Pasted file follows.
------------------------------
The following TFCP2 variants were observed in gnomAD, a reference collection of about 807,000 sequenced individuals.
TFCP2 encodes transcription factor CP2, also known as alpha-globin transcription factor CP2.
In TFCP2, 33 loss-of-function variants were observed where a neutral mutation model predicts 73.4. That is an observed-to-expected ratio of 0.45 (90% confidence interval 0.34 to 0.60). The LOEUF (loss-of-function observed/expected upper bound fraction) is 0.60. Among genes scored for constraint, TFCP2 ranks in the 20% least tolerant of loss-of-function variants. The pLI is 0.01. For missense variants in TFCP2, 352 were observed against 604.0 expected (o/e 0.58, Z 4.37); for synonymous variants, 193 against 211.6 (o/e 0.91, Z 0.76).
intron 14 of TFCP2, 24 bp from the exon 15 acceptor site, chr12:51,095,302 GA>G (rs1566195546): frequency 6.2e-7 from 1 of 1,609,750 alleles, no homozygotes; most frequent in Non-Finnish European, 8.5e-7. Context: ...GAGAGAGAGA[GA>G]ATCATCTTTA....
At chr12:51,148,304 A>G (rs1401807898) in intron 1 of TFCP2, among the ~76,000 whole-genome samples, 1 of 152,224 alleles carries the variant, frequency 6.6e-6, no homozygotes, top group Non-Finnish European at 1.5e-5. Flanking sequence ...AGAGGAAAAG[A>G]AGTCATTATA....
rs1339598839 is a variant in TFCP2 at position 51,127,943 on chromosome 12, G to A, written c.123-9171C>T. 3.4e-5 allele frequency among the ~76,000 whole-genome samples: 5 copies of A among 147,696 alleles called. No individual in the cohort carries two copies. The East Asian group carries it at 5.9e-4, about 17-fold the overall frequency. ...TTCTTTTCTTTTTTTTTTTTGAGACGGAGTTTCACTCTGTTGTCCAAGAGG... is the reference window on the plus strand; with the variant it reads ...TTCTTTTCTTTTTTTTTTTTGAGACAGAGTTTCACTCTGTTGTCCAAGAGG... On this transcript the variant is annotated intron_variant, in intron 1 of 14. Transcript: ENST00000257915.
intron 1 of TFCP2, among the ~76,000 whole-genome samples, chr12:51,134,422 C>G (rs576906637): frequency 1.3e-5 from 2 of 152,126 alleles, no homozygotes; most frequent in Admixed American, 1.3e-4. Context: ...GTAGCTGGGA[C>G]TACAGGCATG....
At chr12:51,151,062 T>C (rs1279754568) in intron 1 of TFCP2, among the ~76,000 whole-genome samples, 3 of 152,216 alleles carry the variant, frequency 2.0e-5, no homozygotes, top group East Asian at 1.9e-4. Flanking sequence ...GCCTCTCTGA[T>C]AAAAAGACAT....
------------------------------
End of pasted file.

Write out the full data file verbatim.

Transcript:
The following TFCP2 variants were observed in gnomAD, a reference collection of about 807,000 sequenced individuals.
TFCP2 encodes transcription factor CP2, also known as alpha-globin transcription factor CP2.
In TFCP2, 33 loss-of-function variants were observed where a neutral mutation model predicts 73.4. That is an observed-to-expected ratio of 0.45 (90% confidence interval 0.34 to 0.60). The LOEUF (loss-of-function observed/expected upper bound fraction) is 0.60. Among genes scored for constraint, TFCP2 ranks in the 20% least tolerant of loss-of-function variants. The pLI is 0.01. For missense variants in TFCP2, 352 were observed against 604.0 expected (o/e 0.58, Z 4.37); for synonymous variants, 193 against 211.6 (o/e 0.91, Z 0.76).
intron 14 of TFCP2, 24 bp from the exon 15 acceptor site, chr12:51,095,302 GA>G (rs1566195546): frequency 6.2e-7 from 1 of 1,609,750 alleles, no homozygotes; most frequent in Non-Finnish European, 8.5e-7. Context: ...GAGAGAGAGA[GA>G]ATCATCTTTA....
At chr12:51,148,304 A>G (rs1401807898) in intron 1 of TFCP2, among the ~76,000 whole-genome samples, 1 of 152,224 alleles carries the variant, frequency 6.6e-6, no homozygotes, top group Non-Finnish European at 1.5e-5. Flanking sequence ...AGAGGAAAAG[A>G]AGTCATTATA....
rs1339598839 is a variant in TFCP2 at position 51,127,943 on chromosome 12, G to A, written c.123-9171C>T. 3.4e-5 allele frequency among the ~76,000 whole-genome samples: 5 copies of A among 147,696 alleles called. No individual in the cohort carries two copies. The East Asian group carries it at 5.9e-4, about 17-fold the overall frequency. ...TTCTTTTCTTTTTTTTTTTTGAGACGGAGTTTCACTCTGTTGTCCAAGAGG... is the reference window on the plus strand; with the variant it reads ...TTCTTTTCTTTTTTTTTTTTGAGACAGAGTTTCACTCTGTTGTCCAAGAGG... On this transcript the variant is annotated intron_variant, in intron 1 of 14. Transcript: ENST00000257915.
intron 1 of TFCP2, among the ~76,000 whole-genome samples, chr12:51,134,422 C>G (rs576906637): frequency 1.3e-5 from 2 of 152,126 alleles, no homozygotes; most frequent in Admixed American, 1.3e-4. Context: ...GTAGCTGGGA[C>G]TACAGGCATG....
At chr12:51,151,062 T>C (rs1279754568) in intron 1 of TFCP2, among the ~76,000 whole-genome samples, 3 of 152,216 alleles carry the variant, frequency 2.0e-5, no homozygotes, top group East Asian at 1.9e-4. Flanking sequence ...GCCTCTCTGA[T>C]AAAAAGACAT....